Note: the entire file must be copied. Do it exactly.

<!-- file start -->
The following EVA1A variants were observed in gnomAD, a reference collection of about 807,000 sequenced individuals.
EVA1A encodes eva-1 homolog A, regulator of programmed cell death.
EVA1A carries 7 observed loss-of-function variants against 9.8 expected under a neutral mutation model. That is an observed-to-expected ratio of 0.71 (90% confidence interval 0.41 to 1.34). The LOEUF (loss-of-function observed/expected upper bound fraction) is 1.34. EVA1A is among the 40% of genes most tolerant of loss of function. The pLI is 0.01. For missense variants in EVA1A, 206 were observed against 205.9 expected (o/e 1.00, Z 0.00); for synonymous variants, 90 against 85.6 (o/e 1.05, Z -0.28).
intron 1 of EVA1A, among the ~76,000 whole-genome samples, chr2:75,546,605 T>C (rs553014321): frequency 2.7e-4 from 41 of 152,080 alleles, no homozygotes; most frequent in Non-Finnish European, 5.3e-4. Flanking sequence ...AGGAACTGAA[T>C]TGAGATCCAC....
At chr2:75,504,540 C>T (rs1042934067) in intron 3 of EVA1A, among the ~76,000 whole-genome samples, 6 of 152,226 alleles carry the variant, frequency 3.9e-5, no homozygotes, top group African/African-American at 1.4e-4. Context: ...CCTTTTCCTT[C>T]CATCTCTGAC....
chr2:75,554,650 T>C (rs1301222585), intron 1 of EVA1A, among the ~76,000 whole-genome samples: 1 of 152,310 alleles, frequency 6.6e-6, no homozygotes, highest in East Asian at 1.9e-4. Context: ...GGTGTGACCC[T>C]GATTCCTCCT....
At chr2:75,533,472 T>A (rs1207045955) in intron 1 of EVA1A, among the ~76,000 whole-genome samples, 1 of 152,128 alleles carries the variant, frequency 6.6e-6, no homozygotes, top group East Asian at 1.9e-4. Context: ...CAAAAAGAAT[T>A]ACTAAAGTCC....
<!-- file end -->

The following EVA1A variants were observed in gnomAD, a reference collection of about 807,000 sequenced individuals.
EVA1A encodes eva-1 homolog A, regulator of programmed cell death.
EVA1A carries 7 observed loss-of-function variants against 9.8 expected under a neutral mutation model. That is an observed-to-expected ratio of 0.71 (90% confidence interval 0.41 to 1.34). The LOEUF (loss-of-function observed/expected upper bound fraction) is 1.34. EVA1A is among the 40% of genes most tolerant of loss of function. The pLI is 0.01. For missense variants in EVA1A, 206 were observed against 205.9 expected (o/e 1.00, Z 0.00); for synonymous variants, 90 against 85.6 (o/e 1.05, Z -0.28).
intron 1 of EVA1A, among the ~76,000 whole-genome samples, chr2:75,546,605 T>C (rs553014321): frequency 2.7e-4 from 41 of 152,080 alleles, no homozygotes; most frequent in Non-Finnish European, 5.3e-4. Flanking sequence ...AGGAACTGAA[T>C]TGAGATCCAC....
At chr2:75,504,540 C>T (rs1042934067) in intron 3 of EVA1A, among the ~76,000 whole-genome samples, 6 of 152,226 alleles carry the variant, frequency 3.9e-5, no homozygotes, top group African/African-American at 1.4e-4. Context: ...CCTTTTCCTT[C>T]CATCTCTGAC....
chr2:75,554,650 T>C (rs1301222585), intron 1 of EVA1A, among the ~76,000 whole-genome samples: 1 of 152,310 alleles, frequency 6.6e-6, no homozygotes, highest in East Asian at 1.9e-4. Context: ...GGTGTGACCC[T>C]GATTCCTCCT....
At chr2:75,533,472 T>A (rs1207045955) in intron 1 of EVA1A, among the ~76,000 whole-genome samples, 1 of 152,128 alleles carries the variant, frequency 6.6e-6, no homozygotes, top group East Asian at 1.9e-4. Context: ...CAAAAAGAAT[T>A]ACTAAAGTCC....